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If you don’t feel any slight change after a few sessions ask your counsellor what they observe. Ask your family and friends, but ask yourself too. Ask the questions, "What keeps me going back?" and "How much more do need to change or recover?". Set yourself goals - not the counsellor. Remember also, that you may not be ready for everything to change, or to face some things about yourself and your life. Counselling is also working if you make the decision to pause or stop for a while. Counselling is working if you decide that this counsellor is not the right counsellor, and you would like to change and find one that you feel more comfortable with.

How do you know when counselling is working? When you feel listened to and understood. When you feel more able to make changes and to come to terms with what (at present) you can’t change. You will know that counselling is working when you hear a friend or family member talk about something that’s concerning them and you say, “Have you thought of having counselling?”. When you believe in counselling, that’s when it’s working.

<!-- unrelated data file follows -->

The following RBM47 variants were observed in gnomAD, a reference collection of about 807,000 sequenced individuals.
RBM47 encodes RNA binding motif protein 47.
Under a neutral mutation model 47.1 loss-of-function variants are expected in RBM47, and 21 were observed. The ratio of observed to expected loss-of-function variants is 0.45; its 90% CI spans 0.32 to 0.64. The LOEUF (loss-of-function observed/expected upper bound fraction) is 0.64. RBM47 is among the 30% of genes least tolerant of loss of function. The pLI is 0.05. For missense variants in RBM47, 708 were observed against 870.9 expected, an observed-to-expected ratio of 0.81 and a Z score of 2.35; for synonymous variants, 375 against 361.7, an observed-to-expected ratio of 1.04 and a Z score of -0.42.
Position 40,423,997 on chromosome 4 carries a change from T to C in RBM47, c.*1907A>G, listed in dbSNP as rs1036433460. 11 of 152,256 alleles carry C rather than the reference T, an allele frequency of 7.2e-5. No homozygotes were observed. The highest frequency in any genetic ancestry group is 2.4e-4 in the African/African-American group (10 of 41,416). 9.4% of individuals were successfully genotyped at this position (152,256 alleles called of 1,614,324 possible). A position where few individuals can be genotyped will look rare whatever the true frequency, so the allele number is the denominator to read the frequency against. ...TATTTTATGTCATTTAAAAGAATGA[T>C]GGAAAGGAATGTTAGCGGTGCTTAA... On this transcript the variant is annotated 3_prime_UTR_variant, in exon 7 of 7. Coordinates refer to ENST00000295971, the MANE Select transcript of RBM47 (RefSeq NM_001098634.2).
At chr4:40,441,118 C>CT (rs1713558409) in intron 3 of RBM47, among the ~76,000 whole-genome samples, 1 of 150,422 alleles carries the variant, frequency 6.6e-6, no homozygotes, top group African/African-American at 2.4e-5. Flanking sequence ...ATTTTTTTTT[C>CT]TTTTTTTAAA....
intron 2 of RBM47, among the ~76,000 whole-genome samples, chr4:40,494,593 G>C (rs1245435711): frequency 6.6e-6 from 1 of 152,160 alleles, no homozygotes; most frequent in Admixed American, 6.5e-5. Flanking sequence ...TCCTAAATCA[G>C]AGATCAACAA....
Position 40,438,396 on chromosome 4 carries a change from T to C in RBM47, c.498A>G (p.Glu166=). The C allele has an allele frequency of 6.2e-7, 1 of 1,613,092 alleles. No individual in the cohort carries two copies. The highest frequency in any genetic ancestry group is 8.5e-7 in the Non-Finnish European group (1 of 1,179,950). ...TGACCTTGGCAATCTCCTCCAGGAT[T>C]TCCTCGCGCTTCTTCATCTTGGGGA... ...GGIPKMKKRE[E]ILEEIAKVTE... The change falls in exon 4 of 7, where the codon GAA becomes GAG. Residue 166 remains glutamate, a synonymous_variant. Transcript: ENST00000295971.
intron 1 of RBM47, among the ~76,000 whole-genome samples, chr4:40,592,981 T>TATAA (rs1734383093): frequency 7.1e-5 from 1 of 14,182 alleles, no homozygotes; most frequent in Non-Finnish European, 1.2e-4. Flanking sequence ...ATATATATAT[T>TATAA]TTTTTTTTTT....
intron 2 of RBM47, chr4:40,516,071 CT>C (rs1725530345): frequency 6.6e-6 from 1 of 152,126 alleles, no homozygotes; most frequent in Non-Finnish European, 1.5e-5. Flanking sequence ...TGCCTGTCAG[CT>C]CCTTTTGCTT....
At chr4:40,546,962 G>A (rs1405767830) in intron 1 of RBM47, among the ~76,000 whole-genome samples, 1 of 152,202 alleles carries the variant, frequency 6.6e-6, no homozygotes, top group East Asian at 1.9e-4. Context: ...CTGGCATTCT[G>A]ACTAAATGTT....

Counselling Directory is not responsible for the articles published by members. The views expressed are those of the member who wrote the article.

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Written by Dahlian Kirby

I am a counsellor and writer. I run therapeutic writing groups and also work with individuals on therapeutic journal writing by e-mail and post. I have a PhD in applied ethics.… Read more

Written by Dahlian Kirby